West Pittston, PA Hoisting Cage Accident, Mar 1905

SEVEN MINERS KILLED.

HURLED TO DEATH IN WEST PITTSTON MINE BY BREAKING OF CABLE.

THE BODIES HORRIBLY MANGLED.

MEN HAD FINISHED DAY'S WORK AND WERE RETURNING TO SURFACE WHEN DISASTER OCCURRED -- CABLE WEAKENED BY EXCESSIVE USE.

Wilkes-Barre, Pa., March 10. -- By the breaking of a cable on a hoisting cage seven miners were hurled 200 feet to the bottom of the Clear Spring Coal Company's shaft, at West Pittston. The bodies of all the men were horribly mangled, many of them beyond recognition. From what can be learned at this time, no blame can be attached to any of the employes for the awful disaster. It was thought by those who claim to know that the rope or so-called cable became weakened by excessive use. The men had finished their work for the day and had boarded the mine cage to return to the surface, and when about 200 feet above the bottom of the shaft the cable gave way and they were instantly killed. They were all Lithuanians, with the exception of GEORGE HAAS, who was a German, born in this country.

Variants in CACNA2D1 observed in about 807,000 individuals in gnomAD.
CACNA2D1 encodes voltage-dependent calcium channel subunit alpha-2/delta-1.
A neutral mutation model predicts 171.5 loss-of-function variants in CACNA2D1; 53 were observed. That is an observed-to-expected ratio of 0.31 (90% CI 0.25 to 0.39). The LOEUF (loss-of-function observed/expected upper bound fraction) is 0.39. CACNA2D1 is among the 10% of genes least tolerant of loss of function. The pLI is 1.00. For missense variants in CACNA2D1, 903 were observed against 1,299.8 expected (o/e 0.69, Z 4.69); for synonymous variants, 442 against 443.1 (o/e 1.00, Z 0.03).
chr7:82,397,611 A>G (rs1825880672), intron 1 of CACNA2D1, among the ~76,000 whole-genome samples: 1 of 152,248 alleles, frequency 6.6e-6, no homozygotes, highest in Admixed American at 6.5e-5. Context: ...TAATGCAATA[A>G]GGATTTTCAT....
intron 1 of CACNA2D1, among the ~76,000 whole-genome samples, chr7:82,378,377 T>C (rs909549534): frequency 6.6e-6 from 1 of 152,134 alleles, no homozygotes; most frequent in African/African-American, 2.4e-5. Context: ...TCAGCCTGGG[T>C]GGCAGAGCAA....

The dead are:
ANTHONY CHERPOLIS, married, leaves wife and three small children.
ADAM KANANBOSKY, single.
STANLEY BLADDIS, married, leaves a wife.
ADAM GASIONIS, single.
MICHAEL JANKASKY, married, leaves a wife and four children.
STANLEY JANKASKY, married, leaves a wife and one child.
GEORGE HAAS, married, leaves a wife and three children.
As soon as the accident was made known, Mine Inspector McDonald and other inspectors who were not far off hurried to the scene, and at the risk of their own lives entered the shaft and found the mangled remains within an hour. The bodies were brought to the surface, where they were awaited by hundreds of grief-stricken people, many of whom gave a lending hand in having them removed to the nearest undertaker. The grief of the wives and children of the dead men was heart-rending.

Tyrone Daily Herald Pennsylvania 1905-03-10